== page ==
(For reference, I was told that raising goats for meat was a bad idea because kidding was too stressful, and that goats should be kept in milk for 2-3 years at a time, and should only ever be dried out during the last few months of pregnancy. The only eating goats are specifically meat goats; anything else is dairy only 2+ years at a time. Basically that there are no DP goats. Seems strange to me… I’m calling BS on that one.)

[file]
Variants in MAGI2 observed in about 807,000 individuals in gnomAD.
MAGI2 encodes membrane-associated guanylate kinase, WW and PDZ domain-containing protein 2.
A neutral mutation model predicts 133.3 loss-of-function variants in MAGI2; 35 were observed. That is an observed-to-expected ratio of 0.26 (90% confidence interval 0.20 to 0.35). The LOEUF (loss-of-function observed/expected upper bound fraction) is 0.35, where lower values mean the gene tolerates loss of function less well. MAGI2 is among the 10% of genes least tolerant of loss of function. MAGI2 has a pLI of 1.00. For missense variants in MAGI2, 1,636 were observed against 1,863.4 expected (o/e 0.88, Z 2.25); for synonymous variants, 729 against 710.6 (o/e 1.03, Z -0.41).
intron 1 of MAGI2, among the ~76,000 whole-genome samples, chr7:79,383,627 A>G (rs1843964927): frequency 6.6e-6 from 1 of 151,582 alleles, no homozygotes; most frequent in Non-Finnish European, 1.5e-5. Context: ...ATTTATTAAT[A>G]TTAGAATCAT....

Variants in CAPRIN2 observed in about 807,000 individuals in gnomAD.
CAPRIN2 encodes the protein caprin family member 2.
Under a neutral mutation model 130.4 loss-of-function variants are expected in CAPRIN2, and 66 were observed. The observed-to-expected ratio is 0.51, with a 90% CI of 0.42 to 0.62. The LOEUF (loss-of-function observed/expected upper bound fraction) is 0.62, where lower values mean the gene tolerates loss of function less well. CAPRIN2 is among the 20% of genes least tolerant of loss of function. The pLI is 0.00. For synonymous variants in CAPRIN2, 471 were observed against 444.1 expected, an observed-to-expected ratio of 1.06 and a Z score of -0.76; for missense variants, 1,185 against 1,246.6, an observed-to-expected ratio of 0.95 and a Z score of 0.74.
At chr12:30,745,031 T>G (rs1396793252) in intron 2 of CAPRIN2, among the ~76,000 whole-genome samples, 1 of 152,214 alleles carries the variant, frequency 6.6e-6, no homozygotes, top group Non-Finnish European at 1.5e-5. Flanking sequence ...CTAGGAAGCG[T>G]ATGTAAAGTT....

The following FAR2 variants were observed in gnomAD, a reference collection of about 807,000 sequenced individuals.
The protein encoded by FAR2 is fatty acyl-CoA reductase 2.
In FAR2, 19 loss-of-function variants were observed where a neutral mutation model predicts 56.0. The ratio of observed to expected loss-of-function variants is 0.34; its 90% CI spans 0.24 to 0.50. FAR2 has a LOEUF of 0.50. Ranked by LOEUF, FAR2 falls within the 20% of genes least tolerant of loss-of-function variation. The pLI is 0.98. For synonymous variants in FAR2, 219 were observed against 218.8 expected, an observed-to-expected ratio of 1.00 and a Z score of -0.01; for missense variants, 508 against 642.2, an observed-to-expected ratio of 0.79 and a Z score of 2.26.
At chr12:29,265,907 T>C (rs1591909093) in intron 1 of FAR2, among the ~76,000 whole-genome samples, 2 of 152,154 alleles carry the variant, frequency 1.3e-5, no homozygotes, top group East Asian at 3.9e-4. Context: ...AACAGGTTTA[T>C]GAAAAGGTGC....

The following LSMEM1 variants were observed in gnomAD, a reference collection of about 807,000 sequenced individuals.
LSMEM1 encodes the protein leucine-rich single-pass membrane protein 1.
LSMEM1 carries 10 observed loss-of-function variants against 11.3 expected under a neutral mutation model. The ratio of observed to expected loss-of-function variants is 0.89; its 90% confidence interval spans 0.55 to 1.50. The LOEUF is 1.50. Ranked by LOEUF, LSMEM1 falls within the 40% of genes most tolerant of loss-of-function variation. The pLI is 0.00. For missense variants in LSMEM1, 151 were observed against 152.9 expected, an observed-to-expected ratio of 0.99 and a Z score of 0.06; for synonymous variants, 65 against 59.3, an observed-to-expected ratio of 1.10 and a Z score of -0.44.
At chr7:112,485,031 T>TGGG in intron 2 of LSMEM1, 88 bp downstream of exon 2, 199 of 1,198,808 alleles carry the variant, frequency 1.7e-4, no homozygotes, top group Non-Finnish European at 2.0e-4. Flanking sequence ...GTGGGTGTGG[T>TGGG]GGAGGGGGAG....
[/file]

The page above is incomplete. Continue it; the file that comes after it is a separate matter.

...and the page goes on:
Unfortunately the same thing happened to me with chickens. I made the audacious mistake of suggesting someone try to start a breeding program for a quiet chicken, and asking what breeds would be quietest for my suburban back yard in the meantime. I was informed by several people that if I wanted quiet chickens I should never keep chickens because all chickens are loud and make noise as things like what was I going to do if one of them ended up being too loud, etc. (Well I’d eat them, duh.) I was also told that it would be completely impossible to breed a quiet chicken and even if you could it’d never make you money. (I don’t believe THAT for a second, either.) Good thing I ignored them. A few decent people made actual suggestions and I took them. Unless there’s a predator in my back yard, my chickens can’t be heard from my house. But to hear some people say it, I should never have gotten my birds. Ever.